Yet Moscow’s claim to have replaced Constantinople did not translate into actual primacy in the Orthodox world. Now an Ottoman subject, the Patriarch of Constantinople was still recognized by the other Orthodox prelates as the leading authority, which included mentioning his name first in the divine liturgy. Equally important, he continued to appoint metropolitans for the territory of modern Ukraine and Belarus (then part of the Polish-Lithuanian Commonwealth), implying that Moscow’s claim to jurisdiction over “all Rus” was empty.
In 1589, the Russian church declared its independence from Constantinople, and its head adopted the title Patriarch of Moscow and All Rus. This step signified both that the Russian church was now on an equal level with the other patriarchates and that Moscow was seeking to displace Kyiv as the center of the East Slavic Orthodox world. The status of the metropolitanate in Kyiv, which was then part of the Polish-Lithuanian Commonwealth, became the subject of a bitter struggle between Moscow and Constantinople. In 1685, the Russian church and Peter the Great asserted authority over Kyiv without the approval of Constantinople. The following year, with war between the Russians and Ottomans looming, Ecumenical Patriarch Dionysus reluctantly issued a statement approving the transfer.
The incorporation of Kyiv into the Russian Orthodox Church was connected to Russia’s territorial expansion, the “gathering the lands of Rus” that led to the establishment of the Russian Empire under Peter. This expansion included the incorporation of Kyiv and the eastern part of the Polish-Lithuanian Commonwealth (the old Grand Duchy of Lithuania) into Russia. Rus had been reunified, but Kyiv was no longer at its center. The transfer of the Rus patriarchate to Moscow (where it remained even when Peter shifted his capital to St. Petersburg) would long be a sore point for both the Ecumenical Patriarchate, which saw it as a challenge to its authority in the Orthodox world, and, later, for Ukrainian nationalists, who saw it in the context of Russian imperialism and subjugation of a distinctive Ukrainian identity.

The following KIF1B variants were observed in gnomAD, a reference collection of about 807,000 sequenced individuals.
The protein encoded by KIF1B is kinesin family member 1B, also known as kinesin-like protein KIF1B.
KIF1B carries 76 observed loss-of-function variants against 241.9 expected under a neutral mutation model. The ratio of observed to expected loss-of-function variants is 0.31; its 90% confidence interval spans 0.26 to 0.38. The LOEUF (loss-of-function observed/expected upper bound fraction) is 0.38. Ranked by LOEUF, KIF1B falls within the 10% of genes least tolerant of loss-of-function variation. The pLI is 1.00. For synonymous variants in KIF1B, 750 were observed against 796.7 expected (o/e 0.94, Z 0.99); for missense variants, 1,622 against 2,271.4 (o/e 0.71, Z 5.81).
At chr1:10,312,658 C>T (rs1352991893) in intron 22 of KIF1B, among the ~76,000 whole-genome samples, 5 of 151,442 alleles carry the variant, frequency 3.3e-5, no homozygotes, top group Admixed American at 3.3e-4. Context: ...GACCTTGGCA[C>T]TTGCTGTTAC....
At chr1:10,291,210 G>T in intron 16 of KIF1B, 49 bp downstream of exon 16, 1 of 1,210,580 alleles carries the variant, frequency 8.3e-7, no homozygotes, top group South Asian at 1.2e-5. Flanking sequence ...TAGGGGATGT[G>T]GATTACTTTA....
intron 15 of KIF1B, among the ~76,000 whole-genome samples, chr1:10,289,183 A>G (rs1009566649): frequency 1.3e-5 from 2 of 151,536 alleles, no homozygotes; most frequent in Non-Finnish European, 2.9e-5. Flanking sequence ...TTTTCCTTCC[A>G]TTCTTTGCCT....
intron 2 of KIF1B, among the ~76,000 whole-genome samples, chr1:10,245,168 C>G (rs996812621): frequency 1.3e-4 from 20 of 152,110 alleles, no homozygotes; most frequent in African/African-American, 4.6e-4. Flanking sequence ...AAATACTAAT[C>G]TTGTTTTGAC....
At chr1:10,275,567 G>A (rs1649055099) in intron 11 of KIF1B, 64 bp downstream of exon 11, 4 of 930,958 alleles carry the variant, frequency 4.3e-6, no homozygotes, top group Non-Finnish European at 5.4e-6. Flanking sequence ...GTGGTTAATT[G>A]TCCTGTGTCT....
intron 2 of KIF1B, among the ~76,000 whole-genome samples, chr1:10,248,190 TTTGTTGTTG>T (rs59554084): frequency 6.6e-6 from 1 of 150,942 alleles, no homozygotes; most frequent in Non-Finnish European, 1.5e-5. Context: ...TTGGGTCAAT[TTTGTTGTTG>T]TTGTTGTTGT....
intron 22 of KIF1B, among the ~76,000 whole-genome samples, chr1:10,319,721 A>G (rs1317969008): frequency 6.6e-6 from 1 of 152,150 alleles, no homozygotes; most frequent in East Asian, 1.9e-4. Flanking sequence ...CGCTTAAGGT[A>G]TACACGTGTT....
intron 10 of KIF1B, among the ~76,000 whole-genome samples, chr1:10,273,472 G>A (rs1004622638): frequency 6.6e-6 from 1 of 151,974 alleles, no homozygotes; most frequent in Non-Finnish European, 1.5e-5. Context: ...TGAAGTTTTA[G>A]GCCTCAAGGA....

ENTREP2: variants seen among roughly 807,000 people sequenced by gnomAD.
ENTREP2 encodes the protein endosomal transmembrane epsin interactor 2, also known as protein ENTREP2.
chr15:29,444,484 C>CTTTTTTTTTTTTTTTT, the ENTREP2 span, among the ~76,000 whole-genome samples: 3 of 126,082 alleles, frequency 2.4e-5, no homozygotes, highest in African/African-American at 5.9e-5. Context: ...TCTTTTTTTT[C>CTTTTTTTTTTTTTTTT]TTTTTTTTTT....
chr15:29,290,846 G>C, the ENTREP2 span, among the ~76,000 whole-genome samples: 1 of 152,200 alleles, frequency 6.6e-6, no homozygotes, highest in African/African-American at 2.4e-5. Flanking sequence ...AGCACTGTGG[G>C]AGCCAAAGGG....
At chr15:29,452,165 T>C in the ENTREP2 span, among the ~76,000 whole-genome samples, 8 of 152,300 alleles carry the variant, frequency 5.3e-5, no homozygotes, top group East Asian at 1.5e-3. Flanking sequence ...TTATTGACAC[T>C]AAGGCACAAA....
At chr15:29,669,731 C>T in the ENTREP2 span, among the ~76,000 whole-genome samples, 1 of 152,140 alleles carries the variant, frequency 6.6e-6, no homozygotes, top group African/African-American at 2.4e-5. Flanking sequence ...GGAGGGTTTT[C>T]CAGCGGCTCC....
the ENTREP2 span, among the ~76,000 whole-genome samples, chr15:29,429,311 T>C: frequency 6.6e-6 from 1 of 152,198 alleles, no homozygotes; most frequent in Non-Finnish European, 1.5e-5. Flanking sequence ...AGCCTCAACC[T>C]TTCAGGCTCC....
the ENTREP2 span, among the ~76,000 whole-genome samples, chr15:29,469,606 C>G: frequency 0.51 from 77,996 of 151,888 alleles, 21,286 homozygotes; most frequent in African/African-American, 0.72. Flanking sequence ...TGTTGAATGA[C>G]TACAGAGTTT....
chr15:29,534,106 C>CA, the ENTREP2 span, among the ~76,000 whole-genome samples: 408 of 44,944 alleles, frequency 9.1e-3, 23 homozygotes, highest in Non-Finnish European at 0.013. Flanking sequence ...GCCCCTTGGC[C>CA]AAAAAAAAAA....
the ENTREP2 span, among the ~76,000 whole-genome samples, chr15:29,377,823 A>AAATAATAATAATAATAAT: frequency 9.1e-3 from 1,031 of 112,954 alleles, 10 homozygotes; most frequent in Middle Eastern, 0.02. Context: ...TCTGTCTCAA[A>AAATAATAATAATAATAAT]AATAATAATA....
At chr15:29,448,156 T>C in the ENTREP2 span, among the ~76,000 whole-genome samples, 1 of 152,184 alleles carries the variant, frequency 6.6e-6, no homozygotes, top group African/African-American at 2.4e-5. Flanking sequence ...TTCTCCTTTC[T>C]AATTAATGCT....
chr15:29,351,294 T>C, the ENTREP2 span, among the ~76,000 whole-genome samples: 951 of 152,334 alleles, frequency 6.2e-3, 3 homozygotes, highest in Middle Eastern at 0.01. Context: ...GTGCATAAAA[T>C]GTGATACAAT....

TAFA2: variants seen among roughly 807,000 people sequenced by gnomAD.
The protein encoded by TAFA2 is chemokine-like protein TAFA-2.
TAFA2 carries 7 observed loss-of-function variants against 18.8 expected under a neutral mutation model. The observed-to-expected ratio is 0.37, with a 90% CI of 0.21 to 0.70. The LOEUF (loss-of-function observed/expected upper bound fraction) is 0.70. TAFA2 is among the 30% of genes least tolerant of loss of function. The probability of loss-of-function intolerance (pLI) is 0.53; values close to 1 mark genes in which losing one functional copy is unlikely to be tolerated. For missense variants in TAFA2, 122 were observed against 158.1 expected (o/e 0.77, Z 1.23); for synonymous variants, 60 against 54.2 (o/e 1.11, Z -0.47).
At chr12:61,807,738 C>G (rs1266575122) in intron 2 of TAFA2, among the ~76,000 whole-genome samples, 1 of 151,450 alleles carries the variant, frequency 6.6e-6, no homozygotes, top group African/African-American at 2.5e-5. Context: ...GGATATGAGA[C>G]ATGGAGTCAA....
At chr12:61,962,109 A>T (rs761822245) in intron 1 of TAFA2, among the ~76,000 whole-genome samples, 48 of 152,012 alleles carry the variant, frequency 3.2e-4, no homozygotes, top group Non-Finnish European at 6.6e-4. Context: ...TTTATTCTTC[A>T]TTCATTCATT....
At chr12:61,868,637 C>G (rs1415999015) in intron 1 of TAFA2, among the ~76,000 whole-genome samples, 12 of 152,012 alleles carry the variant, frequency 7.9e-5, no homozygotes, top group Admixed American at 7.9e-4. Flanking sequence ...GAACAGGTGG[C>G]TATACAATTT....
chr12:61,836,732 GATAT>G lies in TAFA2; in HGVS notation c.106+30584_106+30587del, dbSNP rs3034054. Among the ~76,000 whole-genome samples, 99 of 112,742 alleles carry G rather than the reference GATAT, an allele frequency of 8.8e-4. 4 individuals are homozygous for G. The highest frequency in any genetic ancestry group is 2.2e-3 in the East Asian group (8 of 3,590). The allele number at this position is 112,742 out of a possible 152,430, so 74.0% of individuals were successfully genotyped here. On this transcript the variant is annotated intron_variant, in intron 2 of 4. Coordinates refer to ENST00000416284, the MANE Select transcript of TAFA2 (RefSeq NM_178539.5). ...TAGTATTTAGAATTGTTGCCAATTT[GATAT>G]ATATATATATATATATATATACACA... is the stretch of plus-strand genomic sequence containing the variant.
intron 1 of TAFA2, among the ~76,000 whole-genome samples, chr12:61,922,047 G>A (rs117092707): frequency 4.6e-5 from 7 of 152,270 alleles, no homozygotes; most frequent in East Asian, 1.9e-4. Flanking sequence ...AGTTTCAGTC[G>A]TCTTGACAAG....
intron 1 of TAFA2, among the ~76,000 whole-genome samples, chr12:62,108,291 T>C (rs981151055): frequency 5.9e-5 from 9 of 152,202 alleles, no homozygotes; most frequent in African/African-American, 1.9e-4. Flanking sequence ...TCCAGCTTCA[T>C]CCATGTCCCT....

Ukraine’s independence in 1991 re-configured the triangular relationship between Constantinople, Kyiv, and Moscow. Soon after independence, Ukrainian clergy, with the support of then-president Leonid Kuchma, established a new church hierarchy, whose head adopted the title Patriarch of Kyiv and All Rus. The new Kyiv Patriarchate was not recognized by Moscow—or by the wider Orthodox community, including the Ecumenical Patriarchate. The officially recognized Ukrainian Orthodox Church remained a self-governing branch of the Russian Orthodox Church. The dispute between the Moscow and Kyiv patriarchates became acute in the aftermath of Russia’s invasion of Ukraine, which increasingly politicized religious identities, leading to an upsurge in the number of Ukrainians who identified with the Kyiv Patriarchate, as well as struggles over church property that occasionally turned violent. The Kyiv Patriarchate, and the Ukrainian government pressed the Ecumenical Patriarchate in Constantinople, in its role as the head of the worldwide Orthodox community, to recognize the Ukrainian church as autocephalous.